children & pesticides - it's not pretty



                                                                                   





                                                                                                 











In November, 1999, the Children's and Families Protection Act (CFPA) was passed by an act of the Massachusetts legislature. In May, 2000 Governor Cellucci signed into law "An Act to Protect Children and Families From Harmful Pesticides. " The act restricts and in many cases prohibits the use of pesticides in and around schools and child care centers. It requires notification of parents and staff prior to application of pesticides. It also requires all schools to have their pesticide application and notification plans in place and available upon request.

Most schools on Cape Cod are now in compliance with the CFPA but there are still many daycare centers that have not filled IPM Plans as required by the law. Check your school.


GreenCAPE suggests that all parents and other concerned adults to call their schools and request copies of their plans after reading the information at the following websites:


 CFPA Implementation Guide.  A Citizen's Guide To Ensure Pesticide Use Reduction in Massachusetts Schools and Daycare Centers from Toxic Action Center.


Chapter 85 of the Acts of 2000, An Act Protecting Children and Families from Harmful Pesticides, implemented by the Massachusetts Department of Food and Agricultural Resources (MDAR):   Read a summary or the full text of the law, find more information about notification requirements, and find background information about the law.


Toxins and Brain Development


Pesticide Exposure and Childhood Development in the Yaqui Valley, Mexico - "An Anthropological Approach to the Evaluation of Preschool Children Exposed to Pesticides in Mexico" - a study published in the scientific journal, Environmental Health Perspectives in June 1998.The results of the "draw a person" figures between children exposed to pesticides and those not exposed will shock you. This study was the beginning of our growing understanding of endocrine disruptors.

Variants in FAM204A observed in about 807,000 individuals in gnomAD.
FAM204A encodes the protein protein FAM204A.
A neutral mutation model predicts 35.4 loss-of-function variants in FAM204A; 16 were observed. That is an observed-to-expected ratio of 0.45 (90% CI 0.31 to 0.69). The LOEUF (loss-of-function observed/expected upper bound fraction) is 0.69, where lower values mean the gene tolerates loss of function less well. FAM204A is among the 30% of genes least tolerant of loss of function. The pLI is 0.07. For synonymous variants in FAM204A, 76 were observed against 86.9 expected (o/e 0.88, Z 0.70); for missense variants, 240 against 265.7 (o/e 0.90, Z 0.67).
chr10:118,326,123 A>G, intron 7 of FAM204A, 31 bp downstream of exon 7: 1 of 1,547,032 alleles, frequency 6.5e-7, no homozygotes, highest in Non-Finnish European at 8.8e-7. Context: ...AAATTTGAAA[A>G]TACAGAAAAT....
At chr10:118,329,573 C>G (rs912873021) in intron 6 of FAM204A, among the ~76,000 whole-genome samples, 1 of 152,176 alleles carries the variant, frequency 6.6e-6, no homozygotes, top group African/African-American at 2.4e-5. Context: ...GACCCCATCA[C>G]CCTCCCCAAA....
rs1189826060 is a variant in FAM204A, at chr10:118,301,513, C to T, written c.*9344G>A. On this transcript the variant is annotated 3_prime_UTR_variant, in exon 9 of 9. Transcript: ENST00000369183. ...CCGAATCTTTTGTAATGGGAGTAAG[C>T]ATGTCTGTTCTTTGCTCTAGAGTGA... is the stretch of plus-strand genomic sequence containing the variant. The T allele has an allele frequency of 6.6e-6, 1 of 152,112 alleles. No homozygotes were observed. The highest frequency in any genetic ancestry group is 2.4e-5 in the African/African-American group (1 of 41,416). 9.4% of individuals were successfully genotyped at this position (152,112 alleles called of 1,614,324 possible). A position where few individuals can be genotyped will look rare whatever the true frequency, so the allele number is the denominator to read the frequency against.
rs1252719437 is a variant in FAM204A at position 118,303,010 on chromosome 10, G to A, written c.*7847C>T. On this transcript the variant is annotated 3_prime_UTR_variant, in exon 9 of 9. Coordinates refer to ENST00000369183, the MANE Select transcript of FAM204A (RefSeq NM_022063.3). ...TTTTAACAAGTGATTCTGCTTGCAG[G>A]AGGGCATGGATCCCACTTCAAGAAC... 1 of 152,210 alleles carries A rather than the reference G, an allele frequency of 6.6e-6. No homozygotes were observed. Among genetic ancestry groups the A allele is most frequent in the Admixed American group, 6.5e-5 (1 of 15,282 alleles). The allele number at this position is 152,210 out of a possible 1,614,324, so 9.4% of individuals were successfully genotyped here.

Prenatal Exposure to Oranophosphate Pesticides and IQ in 7-Year-Old Children. Published in the Journal of Environmental Health Perspectives in April 2011, and available online, the study showed that prenatal exposure to OP pesticides was associated with poorer intellectual development in 7-year-old children from an agricultural community in California.

Do pesticides cause birth defects? The American Academy of Pediatrics recently released a policy statement that outlines the harmful effects of pesticides on early fetal development. In 2009, Paul Winchester, M.D., professor of clinical pediatrics at the Indiana University School of Medicine. He reports his findings May 7 at the Pediatric Academic Societies' annual meeting, a combined gathering of the American Pediatric Society, the Society for Pediatric Research, the Ambulatory Pediatric Association and the American Academy of Pediatrics. Dr. Winchester and colleagues found that preterm birth rates peaked when pesticides and nitrates measurements in surface water were highest (April-July) and were lowest when nitrates and pesticides were lowest (Aug.-Sept.). More than 27 million U.S. live births were studied from 1996-2002. Preterm births varied from a high of 12.03 percent in June to a low of 10.44 percent in September. The highest rate of prematurity occurred in May-June (11.9 percent) and the lowest for Aug-Sept (10.79 percent) regardless of maternal age, race, education, marital status, alcohol or cigarette use, or whether the mother was an urban, suburban or rural resident. Pesticide and nitrate levels in surface water were also highest in May-June and lowest in August -September, according to the U.S. Geological Survey. According to Dr. Winchester, babies conceived in April, May and June have higher rates of birth defects such as Down syndrome, cleft palate and spina bifida. Most birth defects, such as spina bifida, happen early in the pregnancy. Although many pesticides are dangerous and can cause serious birth defects, Dr. Winchester cautions that not all are harmful. Dr. Winchester is the director of the neonatal intensive care unit at St. Francis Hospital, Indianapolis, and a clinical professor of pediatrics and neonatology at the Indiana University School of Medicine.